Preparedness for short-term isolation among Queensland residents: implications for pandemic and disaster planning
Aitken, Peter, Leggat, Peter A., Brown, Lawrence H., and Speare, Richard (2010) Preparedness for short-term isolation among Queensland residents: implications for pandemic and disaster planning. Emergency Medicine Australasia, 22 (5). pp. 435-441.
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Objective: Short-term isolation might occur during pandemic disease or natural disasters. We sought to measure preparedness for short-term isolation in an Australian state during pandemic (H1N1) 2009.
Methods: Data were collected as part of the Queensland Social Survey (QSS) 2009. Two questions related to preparedness for 3 days of isolation were incorporated into QSS 2009. Associations between demographic variables and preparedness were analysed using χ2, with P < 0.05 considered statistically significant.
Results: Most respondents (93.6%; confidence interval [CI] 92.2–94.9%) would have enough food to last 3 days, but only 53.6% (CI 50.9–56.4%) would have sufficient food and potable water if isolated for 3 days with an interruption in utility services. Subpopulations that were less likely to have sufficient food and potable water reserves for 3 days' isolation without utility services included single people, households with children under 18 years of age, people living in South-East Queensland or urban areas, those with higher levels of education and people employed in health or community service occupations.
Conclusions: The majority of Queensland's population consider themselves to have sufficient food supplies to cope with isolation for a period of 3 days. Far fewer would have sufficient reserves if they were isolated for a similar period with an interruption in utility services. The lower level of preparedness among health and community service workers has implications for maintaining the continuity of health services.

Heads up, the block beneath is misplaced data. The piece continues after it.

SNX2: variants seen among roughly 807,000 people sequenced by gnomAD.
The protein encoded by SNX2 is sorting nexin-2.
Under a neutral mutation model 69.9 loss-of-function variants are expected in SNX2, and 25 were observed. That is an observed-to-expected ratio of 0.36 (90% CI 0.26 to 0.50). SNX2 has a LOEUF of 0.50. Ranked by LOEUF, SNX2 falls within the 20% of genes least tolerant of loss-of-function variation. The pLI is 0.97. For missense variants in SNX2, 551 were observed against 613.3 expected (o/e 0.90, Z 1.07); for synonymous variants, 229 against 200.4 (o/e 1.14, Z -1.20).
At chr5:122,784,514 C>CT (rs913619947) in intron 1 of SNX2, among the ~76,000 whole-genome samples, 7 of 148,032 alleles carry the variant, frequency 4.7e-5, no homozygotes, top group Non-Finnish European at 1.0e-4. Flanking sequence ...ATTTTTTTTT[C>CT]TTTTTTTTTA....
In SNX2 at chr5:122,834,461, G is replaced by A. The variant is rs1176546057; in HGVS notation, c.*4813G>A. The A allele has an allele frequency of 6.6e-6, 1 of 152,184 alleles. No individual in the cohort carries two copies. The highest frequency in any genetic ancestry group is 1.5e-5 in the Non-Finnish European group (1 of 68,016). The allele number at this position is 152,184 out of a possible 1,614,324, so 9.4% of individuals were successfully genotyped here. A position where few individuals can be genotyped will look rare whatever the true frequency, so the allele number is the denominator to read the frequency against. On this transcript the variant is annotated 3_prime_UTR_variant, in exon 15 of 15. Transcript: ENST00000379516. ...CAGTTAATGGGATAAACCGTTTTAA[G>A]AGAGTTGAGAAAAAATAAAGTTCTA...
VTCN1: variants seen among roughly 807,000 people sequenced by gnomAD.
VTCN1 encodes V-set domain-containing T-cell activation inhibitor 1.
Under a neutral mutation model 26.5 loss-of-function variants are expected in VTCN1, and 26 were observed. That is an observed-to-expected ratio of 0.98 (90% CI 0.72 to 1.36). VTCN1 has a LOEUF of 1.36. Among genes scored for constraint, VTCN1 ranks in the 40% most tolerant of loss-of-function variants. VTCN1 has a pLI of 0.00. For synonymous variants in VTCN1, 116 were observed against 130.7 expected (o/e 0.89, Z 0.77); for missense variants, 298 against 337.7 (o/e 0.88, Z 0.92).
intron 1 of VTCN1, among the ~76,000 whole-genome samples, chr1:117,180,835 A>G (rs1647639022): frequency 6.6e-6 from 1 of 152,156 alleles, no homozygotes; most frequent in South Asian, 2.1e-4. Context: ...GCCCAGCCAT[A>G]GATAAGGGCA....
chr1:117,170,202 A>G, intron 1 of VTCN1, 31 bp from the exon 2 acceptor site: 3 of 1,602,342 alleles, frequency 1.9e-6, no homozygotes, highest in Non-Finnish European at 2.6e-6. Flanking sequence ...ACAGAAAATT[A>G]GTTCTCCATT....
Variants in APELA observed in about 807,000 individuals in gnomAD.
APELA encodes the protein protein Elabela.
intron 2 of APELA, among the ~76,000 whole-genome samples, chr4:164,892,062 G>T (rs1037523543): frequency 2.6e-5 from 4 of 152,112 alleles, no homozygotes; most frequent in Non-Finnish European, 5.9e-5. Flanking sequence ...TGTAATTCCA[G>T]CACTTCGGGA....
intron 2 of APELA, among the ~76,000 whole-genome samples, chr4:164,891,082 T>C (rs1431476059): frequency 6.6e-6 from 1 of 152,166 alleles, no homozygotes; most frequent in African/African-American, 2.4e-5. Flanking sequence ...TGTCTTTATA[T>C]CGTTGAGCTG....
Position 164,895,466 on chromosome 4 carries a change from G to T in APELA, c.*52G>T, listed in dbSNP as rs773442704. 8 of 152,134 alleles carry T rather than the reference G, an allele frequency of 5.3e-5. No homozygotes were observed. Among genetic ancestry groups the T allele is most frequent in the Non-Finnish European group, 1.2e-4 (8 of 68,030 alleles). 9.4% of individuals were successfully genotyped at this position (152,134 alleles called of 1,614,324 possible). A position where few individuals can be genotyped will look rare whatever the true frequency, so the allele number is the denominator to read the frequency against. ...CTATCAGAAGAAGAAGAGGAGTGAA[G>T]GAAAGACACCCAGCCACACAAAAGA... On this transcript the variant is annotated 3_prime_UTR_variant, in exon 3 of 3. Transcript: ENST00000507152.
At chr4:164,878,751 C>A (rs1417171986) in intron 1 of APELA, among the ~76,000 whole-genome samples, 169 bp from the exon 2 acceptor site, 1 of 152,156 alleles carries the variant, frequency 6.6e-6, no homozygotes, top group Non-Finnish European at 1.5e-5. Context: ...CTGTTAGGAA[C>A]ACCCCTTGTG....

|Item Type:||Article (Refereed Research - C1)|
|Keywords:||disease outbreak, disaster planning, human, influenza, public health, viral disease|
|FoR Codes:||11 MEDICAL AND HEALTH SCIENCES > 1103 Clinical Sciences > 110309 Infectious Diseases @ 30%|
11 MEDICAL AND HEALTH SCIENCES > 1117 Public Health and Health Services > 111716 Preventive Medicine @ 30%
16 STUDIES IN HUMAN SOCIETY > 1605 Policy and Administration > 160510 Public Policy @ 40%
|SEO Codes:||92 HEALTH > 9201 Clinical Health (Organs, Diseases and Abnormal Conditions) > 920109 Infectious Diseases @ 30%|
92 HEALTH > 9204 Public Health (excl. Specific Population Health) > 920412 Preventive Medicine @ 30%
92 HEALTH > 9202 Health and Support Services > 920208 Health Inequalities @ 40%
|Deposited On:||07 Apr 2011 22:49|
|Last Modified:||04 Jun 2013 01:43|
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|Citation Counts with External Providers:||Web of Science: 0|
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